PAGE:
Gardner Intelligence Blog

Growth in Machine Tool Orders Strong, But Slowing

In October, unit orders were 2,501, which was the third month in a row with orders of more than 2,500 units. Typically, 2,000 units per month is a sign of a strong machine tool market, making the last three months quite good. However, October’s unit orders were down 5.8 percent from one year ago. In combination with the slowing growth in the GBI: Metalworking since January, this indicates that machine tool unit orders have achieved their peak rate of annual growth this cycle.

Dollar orders performed a little better than unit orders in October. Real dollar orders were more than 20 percent above the historic average, and real dollar orders were just 0.7 percent less than they were in October 2017. Just like with unit orders, real dollar orders seemed to hit their peak rate of annual growth last month as October’s rate of growth decelerated to 16.8 percent. However, this was still the second fastest rate of annual growth in real dollar orders since July 2012.

Monetary Base Moves Closer to Pre-Recession Levels

November’s rate of contraction accelerated to 11.0 percent, which was the fastest since October 2016 and second fastest since August 1937. In fact, this was the fourth month in a row that the one-month rate of change in the money supply contracted more than 8 percent. The last time that happened was May to August 1937, which many believe led to a second economic downturn toward the end of the Great Depression. While the current contraction is a response to the unprecedented increase in the money supply following the Great Recession in 2008 and 2009 and is completely necessary, it does indicate that there could be unexpected and difficult-to-predict economic events in the future.

In November, the monetary base was $3.496 trillion, its lowest level since August 2013. November was the ninth straight month of month-over-month contraction. As a result, the annual rate of change in the money supply contracted for second month in a row, decelerating to -2.8 percent.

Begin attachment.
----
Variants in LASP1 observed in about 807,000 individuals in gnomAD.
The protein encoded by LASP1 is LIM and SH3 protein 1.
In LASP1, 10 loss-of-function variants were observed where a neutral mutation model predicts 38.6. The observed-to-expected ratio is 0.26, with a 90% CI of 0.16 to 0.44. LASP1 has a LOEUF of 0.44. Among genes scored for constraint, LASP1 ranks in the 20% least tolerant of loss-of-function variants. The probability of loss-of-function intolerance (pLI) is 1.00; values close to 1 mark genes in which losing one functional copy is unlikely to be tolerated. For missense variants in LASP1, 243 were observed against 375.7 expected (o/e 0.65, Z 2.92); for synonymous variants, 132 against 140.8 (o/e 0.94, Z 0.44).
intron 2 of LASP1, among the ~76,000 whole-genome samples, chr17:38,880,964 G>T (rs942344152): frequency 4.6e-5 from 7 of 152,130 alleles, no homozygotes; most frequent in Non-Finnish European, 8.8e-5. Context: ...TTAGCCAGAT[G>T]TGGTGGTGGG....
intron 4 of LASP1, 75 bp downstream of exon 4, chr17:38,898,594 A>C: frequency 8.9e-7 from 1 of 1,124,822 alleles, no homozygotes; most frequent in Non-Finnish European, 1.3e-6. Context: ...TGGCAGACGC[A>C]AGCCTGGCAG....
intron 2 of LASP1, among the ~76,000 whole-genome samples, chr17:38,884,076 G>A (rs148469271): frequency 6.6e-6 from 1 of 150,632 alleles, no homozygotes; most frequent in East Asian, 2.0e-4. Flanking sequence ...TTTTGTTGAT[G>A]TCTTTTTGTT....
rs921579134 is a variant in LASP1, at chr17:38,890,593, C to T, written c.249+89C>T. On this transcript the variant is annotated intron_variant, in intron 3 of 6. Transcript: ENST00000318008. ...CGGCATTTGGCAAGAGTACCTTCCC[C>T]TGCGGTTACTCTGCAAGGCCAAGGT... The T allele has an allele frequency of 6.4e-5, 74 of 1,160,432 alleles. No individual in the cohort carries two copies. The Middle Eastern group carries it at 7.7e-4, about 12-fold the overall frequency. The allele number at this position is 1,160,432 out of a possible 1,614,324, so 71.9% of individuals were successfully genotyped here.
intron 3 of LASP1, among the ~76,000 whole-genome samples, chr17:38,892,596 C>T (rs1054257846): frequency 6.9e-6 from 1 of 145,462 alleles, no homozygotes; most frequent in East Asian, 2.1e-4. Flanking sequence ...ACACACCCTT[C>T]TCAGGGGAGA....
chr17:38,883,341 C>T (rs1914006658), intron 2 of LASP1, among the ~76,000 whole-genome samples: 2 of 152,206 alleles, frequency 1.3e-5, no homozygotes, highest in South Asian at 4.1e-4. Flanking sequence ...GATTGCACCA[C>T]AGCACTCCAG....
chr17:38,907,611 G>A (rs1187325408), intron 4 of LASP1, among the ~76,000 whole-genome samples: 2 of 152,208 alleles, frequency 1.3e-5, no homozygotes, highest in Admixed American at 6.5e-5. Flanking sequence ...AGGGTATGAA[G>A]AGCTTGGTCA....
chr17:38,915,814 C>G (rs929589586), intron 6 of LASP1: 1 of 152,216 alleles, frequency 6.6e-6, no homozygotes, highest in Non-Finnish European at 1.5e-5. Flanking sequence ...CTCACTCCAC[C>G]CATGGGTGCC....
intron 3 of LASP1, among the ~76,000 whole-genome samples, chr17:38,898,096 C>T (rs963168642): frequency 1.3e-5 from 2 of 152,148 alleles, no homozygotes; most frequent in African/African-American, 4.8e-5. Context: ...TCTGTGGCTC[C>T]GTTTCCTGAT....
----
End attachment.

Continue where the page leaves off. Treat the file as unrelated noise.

New Orders in Durable Goods Grew 4.6 percent in October

Last month I asked if durable goods new had hit their peak. Based on the last month of economic data, I think it is safe to say that indeed they have.

New orders for real durable goods in October 2018 were $257,740 million. Compared with one year ago, new orders grew 4.6 percent, which was the fourth consecutive month of growth. As the one-month rate of change grew for the 16th  time in 17 months, the annual rate of growth accelerated to 6.5 from 6.2 percent.

Durable Goods Spending Reacts to Changing Treasury Rate

In October, the month-over-month rate of growth for durable goods spending was 4.1 percent, which was the second month in a row that the growth rate was below the historic average of 5.5 percent. October’s rate of growth was the slowest since April 2016. The annual rate rate of growth was 6.4 percent, decelerating for the second straight month. This was the slowest rate of growth since April 2017. 

Low interest rates have helped boost durable goods spending as a percent of total consumer spending, but with the 10-year Treasury rate rising year over year, further deceleration in the rate of growth is ahead. Additionally, real disposable income has just started to grow slower, which will further contribute to slowing growth in durable goods spending. 

Disposable Income Growth Stays at 2.8 Percent

In October 2018, real disposable income was $15,700 billion. As is normally the case, real disposable income set an all-time high this month, up 2.8 percent from one year ago. Previous months saw downward revisions in real disposable income. As a result, the month-over-month rate of growth has slowed ever so slightly from what it was at the end of 2017 and beginning of 2018. 

The annual rate of growth remained unchanged at 2.7 percent for the third month in a row. This followed five straight months of 2.8 percent growth. The slightly slower growth and downward revisions to previous months indicated that real disposable income should be considered a negative leading indicator. 

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